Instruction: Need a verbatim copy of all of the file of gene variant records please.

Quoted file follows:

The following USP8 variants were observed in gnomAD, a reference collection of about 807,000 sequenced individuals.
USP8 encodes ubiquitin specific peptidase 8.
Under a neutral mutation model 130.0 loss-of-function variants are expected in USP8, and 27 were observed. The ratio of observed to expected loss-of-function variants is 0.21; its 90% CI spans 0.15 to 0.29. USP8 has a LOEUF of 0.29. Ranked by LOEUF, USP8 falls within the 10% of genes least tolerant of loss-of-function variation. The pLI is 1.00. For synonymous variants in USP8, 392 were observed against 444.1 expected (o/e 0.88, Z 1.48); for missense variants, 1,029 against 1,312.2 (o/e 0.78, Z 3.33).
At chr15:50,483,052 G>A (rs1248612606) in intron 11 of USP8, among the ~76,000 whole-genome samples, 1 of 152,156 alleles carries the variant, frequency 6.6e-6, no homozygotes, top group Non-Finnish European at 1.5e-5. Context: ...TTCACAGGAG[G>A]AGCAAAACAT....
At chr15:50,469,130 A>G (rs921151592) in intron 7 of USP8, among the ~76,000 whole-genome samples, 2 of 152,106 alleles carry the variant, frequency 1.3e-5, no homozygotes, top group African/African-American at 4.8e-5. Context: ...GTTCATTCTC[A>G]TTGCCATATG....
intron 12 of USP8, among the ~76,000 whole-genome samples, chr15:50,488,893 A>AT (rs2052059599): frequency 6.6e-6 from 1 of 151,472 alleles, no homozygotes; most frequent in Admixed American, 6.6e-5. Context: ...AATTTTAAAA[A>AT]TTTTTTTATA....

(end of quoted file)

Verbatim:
The following USP8 variants were observed in gnomAD, a reference collection of about 807,000 sequenced individuals.
USP8 encodes ubiquitin specific peptidase 8.
Under a neutral mutation model 130.0 loss-of-function variants are expected in USP8, and 27 were observed. The ratio of observed to expected loss-of-function variants is 0.21; its 90% CI spans 0.15 to 0.29. USP8 has a LOEUF of 0.29. Ranked by LOEUF, USP8 falls within the 10% of genes least tolerant of loss-of-function variation. The pLI is 1.00. For synonymous variants in USP8, 392 were observed against 444.1 expected (o/e 0.88, Z 1.48); for missense variants, 1,029 against 1,312.2 (o/e 0.78, Z 3.33).
At chr15:50,483,052 G>A (rs1248612606) in intron 11 of USP8, among the ~76,000 whole-genome samples, 1 of 152,156 alleles carries the variant, frequency 6.6e-6, no homozygotes, top group Non-Finnish European at 1.5e-5. Context: ...TTCACAGGAG[G>A]AGCAAAACAT....
At chr15:50,469,130 A>G (rs921151592) in intron 7 of USP8, among the ~76,000 whole-genome samples, 2 of 152,106 alleles carry the variant, frequency 1.3e-5, no homozygotes, top group African/African-American at 4.8e-5. Context: ...GTTCATTCTC[A>G]TTGCCATATG....
intron 12 of USP8, among the ~76,000 whole-genome samples, chr15:50,488,893 A>AT (rs2052059599): frequency 6.6e-6 from 1 of 151,472 alleles, no homozygotes; most frequent in Admixed American, 6.6e-5. Context: ...AATTTTAAAA[A>AT]TTTTTTTATA....